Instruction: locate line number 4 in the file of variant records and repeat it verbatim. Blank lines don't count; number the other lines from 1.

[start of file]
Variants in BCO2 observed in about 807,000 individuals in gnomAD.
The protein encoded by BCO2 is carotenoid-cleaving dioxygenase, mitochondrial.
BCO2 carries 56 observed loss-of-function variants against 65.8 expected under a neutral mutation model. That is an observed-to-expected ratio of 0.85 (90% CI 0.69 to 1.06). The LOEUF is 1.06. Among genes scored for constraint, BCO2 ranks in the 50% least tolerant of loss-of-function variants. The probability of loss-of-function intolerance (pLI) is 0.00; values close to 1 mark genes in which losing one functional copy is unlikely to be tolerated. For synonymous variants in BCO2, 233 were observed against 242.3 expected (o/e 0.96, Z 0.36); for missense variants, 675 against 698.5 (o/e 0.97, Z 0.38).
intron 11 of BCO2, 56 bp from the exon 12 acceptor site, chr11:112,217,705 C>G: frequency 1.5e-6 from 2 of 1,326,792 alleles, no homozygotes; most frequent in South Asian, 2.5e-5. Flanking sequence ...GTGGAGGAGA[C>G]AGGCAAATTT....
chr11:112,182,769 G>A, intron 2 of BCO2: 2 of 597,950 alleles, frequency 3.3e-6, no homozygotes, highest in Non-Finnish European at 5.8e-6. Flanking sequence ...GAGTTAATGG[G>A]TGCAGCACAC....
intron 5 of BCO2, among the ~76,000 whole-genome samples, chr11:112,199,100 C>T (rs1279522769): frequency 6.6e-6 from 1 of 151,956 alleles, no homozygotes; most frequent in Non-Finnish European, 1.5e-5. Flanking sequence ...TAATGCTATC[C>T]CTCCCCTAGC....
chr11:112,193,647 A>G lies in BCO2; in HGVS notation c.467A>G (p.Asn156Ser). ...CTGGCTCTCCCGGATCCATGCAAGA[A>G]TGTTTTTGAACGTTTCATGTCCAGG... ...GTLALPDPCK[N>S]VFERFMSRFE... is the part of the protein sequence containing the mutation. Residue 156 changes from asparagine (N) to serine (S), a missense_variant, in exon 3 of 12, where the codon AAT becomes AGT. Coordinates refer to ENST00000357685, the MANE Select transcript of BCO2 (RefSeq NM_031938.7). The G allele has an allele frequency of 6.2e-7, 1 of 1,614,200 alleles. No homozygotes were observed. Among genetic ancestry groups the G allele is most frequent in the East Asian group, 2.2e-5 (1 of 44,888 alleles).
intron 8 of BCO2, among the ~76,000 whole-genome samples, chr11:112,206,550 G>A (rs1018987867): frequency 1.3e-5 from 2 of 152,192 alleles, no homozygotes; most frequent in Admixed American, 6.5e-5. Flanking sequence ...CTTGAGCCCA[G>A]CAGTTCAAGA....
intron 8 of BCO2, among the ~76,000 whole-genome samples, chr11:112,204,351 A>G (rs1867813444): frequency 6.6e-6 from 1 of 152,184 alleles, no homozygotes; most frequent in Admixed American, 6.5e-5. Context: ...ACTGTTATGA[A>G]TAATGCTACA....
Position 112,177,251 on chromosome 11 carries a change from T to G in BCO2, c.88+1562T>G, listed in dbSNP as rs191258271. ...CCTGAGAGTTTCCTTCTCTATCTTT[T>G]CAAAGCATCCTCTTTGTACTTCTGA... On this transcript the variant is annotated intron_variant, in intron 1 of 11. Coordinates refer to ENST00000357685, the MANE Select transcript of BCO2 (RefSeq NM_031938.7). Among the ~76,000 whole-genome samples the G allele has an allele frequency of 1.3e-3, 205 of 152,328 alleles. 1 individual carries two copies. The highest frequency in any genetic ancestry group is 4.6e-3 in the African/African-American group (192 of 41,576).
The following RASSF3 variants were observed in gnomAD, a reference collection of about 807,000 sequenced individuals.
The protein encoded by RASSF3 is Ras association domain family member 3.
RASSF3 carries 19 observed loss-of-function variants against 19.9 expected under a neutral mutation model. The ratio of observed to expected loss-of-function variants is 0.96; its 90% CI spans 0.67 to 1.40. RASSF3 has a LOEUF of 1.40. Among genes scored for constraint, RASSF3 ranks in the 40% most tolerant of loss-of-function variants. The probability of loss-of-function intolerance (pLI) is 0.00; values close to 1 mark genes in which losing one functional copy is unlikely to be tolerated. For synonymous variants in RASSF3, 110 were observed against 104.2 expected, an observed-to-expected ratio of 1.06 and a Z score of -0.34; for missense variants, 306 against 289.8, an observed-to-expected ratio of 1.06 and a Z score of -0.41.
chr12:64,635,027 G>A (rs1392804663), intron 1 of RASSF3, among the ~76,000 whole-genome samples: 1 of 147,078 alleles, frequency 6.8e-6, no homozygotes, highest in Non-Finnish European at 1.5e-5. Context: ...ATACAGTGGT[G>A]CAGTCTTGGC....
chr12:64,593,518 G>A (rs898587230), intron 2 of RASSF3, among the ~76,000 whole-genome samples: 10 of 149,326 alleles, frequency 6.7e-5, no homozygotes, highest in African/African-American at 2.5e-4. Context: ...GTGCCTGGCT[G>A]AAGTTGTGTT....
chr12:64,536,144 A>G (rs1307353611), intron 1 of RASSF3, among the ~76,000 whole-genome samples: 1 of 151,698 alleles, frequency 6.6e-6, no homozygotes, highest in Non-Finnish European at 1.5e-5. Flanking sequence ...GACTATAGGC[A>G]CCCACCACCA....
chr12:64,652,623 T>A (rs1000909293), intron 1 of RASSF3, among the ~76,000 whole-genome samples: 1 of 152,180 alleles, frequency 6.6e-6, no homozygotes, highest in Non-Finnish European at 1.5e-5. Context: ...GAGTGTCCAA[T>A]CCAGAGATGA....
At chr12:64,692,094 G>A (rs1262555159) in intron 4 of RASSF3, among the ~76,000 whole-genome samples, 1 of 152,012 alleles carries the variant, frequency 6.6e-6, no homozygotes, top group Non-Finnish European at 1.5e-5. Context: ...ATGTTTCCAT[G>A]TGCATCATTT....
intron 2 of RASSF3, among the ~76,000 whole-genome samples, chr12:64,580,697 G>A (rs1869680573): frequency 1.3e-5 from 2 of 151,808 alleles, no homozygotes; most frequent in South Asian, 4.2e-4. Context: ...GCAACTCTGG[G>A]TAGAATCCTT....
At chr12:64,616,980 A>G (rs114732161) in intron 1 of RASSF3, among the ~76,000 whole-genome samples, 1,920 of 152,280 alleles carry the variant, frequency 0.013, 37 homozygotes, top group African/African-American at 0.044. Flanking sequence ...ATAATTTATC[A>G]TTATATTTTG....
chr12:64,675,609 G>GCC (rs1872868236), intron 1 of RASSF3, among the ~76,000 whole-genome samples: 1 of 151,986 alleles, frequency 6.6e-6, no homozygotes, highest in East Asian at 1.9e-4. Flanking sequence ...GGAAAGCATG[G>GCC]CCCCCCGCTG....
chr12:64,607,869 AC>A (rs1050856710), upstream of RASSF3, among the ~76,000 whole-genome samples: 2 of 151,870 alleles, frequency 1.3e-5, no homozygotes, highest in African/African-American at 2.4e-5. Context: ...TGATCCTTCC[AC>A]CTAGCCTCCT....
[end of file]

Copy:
intron 11 of BCO2, 56 bp from the exon 12 acceptor site, chr11:112,217,705 C>G: frequency 1.5e-6 from 2 of 1,326,792 alleles, no homozygotes; most frequent in South Asian, 2.5e-5. Flanking sequence ...GTGGAGGAGA[C>G]AGGCAAATTT....